Whether it’s a flood, a fire, vandalism, or a cyber attack, disaster could strike your business any day…but if you lost your infrastructure to fire or storm damage tomorrow, could you keep operating?
For many small and medium-sized businesses, the answer is no. The trouble is, disasters can severely damage a company’s reputation, profitability, and sustainability–make sure you’re prepared for a crisis with a proper contingency plan.
A disaster recovery plan, also known as a contingency plan, tells you and your employees what to do if something extraordinary happens to your business. Disaster recovery plans are:
- Prepared in advance;
- Simple and easy to follow;
- Focused on key vulnerabilities, such as equipment or data loss;
- Carefully considered and personal to your business.
Every contingency plan is unique. For example, if you manage a law firm, you’ll need plans for events such as cyber attack, infrastructure damage, and mass evacuations. If you operate a restaurant, you’re especially interested in vulnerabilities surrounding events such as fire and flood risks.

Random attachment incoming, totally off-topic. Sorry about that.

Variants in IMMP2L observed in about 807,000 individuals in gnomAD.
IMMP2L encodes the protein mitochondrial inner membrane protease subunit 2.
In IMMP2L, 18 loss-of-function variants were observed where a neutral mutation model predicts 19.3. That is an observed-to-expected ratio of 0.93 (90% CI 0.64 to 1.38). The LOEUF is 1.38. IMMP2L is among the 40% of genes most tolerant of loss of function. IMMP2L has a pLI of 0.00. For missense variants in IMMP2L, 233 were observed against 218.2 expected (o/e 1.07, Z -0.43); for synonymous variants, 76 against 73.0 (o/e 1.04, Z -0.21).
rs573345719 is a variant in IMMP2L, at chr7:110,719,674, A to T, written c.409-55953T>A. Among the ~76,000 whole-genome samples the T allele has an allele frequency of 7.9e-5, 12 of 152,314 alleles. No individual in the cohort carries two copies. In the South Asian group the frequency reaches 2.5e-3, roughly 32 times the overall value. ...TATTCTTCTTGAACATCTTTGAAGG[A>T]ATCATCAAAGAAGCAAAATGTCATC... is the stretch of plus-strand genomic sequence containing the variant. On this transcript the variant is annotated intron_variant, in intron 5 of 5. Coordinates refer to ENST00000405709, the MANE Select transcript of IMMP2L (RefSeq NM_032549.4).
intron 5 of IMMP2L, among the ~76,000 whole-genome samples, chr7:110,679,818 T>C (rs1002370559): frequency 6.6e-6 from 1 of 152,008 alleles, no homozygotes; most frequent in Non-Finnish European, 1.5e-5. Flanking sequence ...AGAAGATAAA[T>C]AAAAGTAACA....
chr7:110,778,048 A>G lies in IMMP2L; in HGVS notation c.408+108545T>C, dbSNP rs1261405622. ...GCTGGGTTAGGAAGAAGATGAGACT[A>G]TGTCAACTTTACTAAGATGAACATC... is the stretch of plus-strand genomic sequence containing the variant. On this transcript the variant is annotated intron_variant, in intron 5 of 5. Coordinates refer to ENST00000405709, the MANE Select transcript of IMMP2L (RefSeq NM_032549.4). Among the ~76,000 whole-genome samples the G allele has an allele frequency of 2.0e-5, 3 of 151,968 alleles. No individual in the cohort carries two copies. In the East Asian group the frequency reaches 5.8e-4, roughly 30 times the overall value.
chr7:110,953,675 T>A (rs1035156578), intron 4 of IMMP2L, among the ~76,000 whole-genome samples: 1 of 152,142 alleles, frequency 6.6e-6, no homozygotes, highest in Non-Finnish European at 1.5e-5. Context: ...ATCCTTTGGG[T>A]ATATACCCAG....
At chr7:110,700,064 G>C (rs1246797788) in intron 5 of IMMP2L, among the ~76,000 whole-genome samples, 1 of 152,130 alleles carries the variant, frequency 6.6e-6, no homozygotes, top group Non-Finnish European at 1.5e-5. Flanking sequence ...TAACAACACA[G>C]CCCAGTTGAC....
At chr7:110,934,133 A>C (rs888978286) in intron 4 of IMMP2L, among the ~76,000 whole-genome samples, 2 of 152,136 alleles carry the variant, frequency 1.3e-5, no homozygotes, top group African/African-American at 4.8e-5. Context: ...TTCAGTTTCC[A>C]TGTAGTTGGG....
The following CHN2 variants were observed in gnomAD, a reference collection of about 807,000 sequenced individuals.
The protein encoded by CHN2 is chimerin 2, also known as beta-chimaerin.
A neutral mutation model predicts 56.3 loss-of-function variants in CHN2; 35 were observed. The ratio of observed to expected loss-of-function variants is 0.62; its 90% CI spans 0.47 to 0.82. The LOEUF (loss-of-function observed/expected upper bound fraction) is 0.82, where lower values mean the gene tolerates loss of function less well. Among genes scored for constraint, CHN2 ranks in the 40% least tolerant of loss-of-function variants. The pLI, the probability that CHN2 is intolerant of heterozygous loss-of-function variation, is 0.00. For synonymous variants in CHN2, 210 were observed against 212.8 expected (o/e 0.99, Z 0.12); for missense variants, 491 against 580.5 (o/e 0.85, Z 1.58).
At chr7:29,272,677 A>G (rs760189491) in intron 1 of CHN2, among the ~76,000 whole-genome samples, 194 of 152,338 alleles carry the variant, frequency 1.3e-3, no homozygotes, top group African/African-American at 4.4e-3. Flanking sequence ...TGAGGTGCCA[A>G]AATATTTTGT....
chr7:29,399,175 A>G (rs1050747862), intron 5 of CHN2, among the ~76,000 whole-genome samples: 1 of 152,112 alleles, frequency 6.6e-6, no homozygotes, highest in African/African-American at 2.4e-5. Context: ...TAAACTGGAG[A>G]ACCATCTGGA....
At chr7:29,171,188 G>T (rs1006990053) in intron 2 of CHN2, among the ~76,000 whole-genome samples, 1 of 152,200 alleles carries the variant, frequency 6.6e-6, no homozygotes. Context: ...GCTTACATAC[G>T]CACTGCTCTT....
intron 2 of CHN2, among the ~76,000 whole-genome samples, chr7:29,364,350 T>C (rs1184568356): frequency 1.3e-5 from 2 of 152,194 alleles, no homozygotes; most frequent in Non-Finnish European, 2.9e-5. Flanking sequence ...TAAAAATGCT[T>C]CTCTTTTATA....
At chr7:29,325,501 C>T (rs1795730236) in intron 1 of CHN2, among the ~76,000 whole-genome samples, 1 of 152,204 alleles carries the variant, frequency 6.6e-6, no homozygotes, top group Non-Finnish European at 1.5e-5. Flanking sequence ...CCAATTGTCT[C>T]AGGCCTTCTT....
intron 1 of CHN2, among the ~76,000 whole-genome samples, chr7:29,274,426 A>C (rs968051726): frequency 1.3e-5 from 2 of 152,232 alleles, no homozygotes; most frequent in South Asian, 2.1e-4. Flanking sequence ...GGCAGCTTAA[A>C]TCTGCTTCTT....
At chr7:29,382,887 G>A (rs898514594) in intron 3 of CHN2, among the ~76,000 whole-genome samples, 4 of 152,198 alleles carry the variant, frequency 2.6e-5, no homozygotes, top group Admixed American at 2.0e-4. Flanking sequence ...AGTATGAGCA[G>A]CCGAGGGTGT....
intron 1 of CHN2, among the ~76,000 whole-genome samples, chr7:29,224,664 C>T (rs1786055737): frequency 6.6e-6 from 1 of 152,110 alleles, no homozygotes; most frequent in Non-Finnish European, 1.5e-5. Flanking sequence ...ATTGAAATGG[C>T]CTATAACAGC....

Building a Recovery Plan
If you don’t have a contingency plan, start now. Here are some tips to help you prepare.
You don’t need strategies for every eventuality. For example, you don’t need a tornado strategy if you’re nowhere near a tornado-prone zone. Focus on what matters to your business.
List everything you need to run your business on a day-to-day level. This can include phones, the internet, and anything else that’s critical for your daily operations. Plan what would happen if:
- You lost those vital services;
- How you would get them up and running again; and
- How long it would take to get them operating again.
Look at each risk–for example, vandalism, fire, terror attacks–in turn. Ask yourself what might happen, how you’d respond, and how you can prepare for these disasters.
Plan for the worst case scenario. There’s no such thing as being too prepared.
Once you know the scenarios, write them down in a clear, concise list. For each situation, write down what you can do to minimise the risks.
What’s important is that your list is easy to follow. It’s something you can refer to quickly in times of crisis–stick to key points only.
Ensure all your personnel know where to access the plan. Make sure they read and understand it. If you have the resources, make one employee a point of contact for all contingency plan-related queries. Most importantly, update your contingency plan based on feedback and any future risk assessments. Update it as your business grows and your needs change.